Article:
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Alan

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Re: Powder coated .257 bullets
« Reply #8 on: January 28, 2016, 06:24:27 PM »
Being one who has used coated bullets before they were even popular (starting circa 1956), they can achieve a few advantages. They do increase barrel life, a fact t I think no one disputes. They also REDUCE velocity, but that can be reversed by a bit heavier loading. Bullet seating becomes more critical, and even bullet to land spacing. If you get it all just right, great. But... If you do not, the negatives far outweigh the positives. As an example, why don't the world's best benchers shooters use some sort of coating? The answer should be obvious, but it is just one more variable which must be controlled.

Now if we look at airguns, the velocity is so low, that any advantage is lost with coatings of any ilk. And, lead if a fairly good lubricant. For example, lead is the main ingredient in babbitt bearings. So why coat pellets? Well, if you can prove (no anecdotal information allowed) beyond doubt, that a coating (whatever it is) increases accuracy, distance, velocity, or any other attribute, then precent the (complete) data, and let the rest of us critique it.
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nielsenammo

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Re: Powder coated .257 bullets
« Reply #9 on: January 28, 2016, 08:33:34 PM »
I only answering to the spirit of the thread and don't care if people coat their bullets or not.  I only coat my bullets to reduce how much lead build up I get and it seems to really help in the big bore rifles.  Since I shoot several times a week a lot of rounds go through my guns because I am testing ammo designs.  I also don't coat every bullet so I have to clean my barrel more often if I don't.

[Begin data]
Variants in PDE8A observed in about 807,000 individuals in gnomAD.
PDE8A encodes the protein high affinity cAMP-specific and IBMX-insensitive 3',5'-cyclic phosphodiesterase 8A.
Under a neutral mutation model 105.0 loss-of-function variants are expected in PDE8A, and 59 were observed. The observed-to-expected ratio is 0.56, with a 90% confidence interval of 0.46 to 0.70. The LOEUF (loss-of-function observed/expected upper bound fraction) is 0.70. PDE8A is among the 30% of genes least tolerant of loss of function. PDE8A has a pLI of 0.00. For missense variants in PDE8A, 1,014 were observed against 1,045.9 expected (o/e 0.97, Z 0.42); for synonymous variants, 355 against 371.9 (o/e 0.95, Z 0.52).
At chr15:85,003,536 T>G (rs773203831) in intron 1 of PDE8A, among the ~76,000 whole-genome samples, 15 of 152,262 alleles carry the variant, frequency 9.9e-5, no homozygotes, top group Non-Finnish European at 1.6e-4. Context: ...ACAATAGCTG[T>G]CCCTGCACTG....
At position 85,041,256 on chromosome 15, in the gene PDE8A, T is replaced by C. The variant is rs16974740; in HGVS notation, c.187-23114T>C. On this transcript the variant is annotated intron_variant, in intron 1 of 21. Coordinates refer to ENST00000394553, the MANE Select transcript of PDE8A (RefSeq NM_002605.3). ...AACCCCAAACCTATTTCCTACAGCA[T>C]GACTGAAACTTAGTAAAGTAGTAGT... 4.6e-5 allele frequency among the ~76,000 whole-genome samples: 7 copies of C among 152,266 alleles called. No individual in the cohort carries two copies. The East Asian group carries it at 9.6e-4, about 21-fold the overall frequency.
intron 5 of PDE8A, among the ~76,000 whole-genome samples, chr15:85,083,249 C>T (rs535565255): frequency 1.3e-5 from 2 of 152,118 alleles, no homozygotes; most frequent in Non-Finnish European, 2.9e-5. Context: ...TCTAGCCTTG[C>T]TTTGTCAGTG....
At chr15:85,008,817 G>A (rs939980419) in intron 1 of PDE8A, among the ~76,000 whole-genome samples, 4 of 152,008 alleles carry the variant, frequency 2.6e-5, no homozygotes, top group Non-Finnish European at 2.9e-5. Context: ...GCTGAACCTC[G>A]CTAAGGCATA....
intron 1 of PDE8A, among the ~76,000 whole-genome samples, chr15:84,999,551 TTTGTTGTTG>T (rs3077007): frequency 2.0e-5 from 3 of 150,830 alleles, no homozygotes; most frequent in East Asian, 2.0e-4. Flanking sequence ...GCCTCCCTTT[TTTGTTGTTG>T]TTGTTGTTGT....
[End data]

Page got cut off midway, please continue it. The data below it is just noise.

I did some testing hoping for a velocity increase with coating. There was none, although, there was no decrease either.  I have noticed no difference in accuracy, good or bad, no velocity change up or down or any other change.  I do not remember reading anyone complaining of these problems on casting forums where you can a lot info about this.  My mold maker has told me that the bullets being made now days that more and more people are making no lube grove bullets and coating them instead because the coating requires no lube and you get no leading.

One thing I forgot to mention in the directions is to coat the bullets before you size them.  If you size them first the it closes some of the pores and the coating will not cover as well. I size all bullets after I coat them.
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Monkeydad1969

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Re: Powder coated .257 bullets
« Reply #10 on: January 29, 2016, 05:58:06 PM »
Thanks for the info, Nick.
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mcc1961

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Re: Powder coated .257 bullets
« Reply #11 on: January 31, 2016, 01:53:34 PM »
I did another batch today  and didn't size them till after they were coated and they came out a lot better.The first batch were sized before they were coated and they didn't come out with a good coating.

Monkeydad1969

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Re: Powder coated .257 bullets
« Reply #12 on: January 31, 2016, 05:36:53 PM »
Shows us some pics, Mike.  I'd like to see the difference.
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mcc1961

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Re: Powder coated .257 bullets
« Reply #13 on: January 31, 2016, 06:28:29 PM »
These came out better.Didn't touch these without gloves or size them before PC them.

Monkeydad1969

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Re: Powder coated .257 bullets
« Reply #14 on: January 31, 2016, 06:34:10 PM »
Yeah, those came out way better.  Good going Mike.

Joe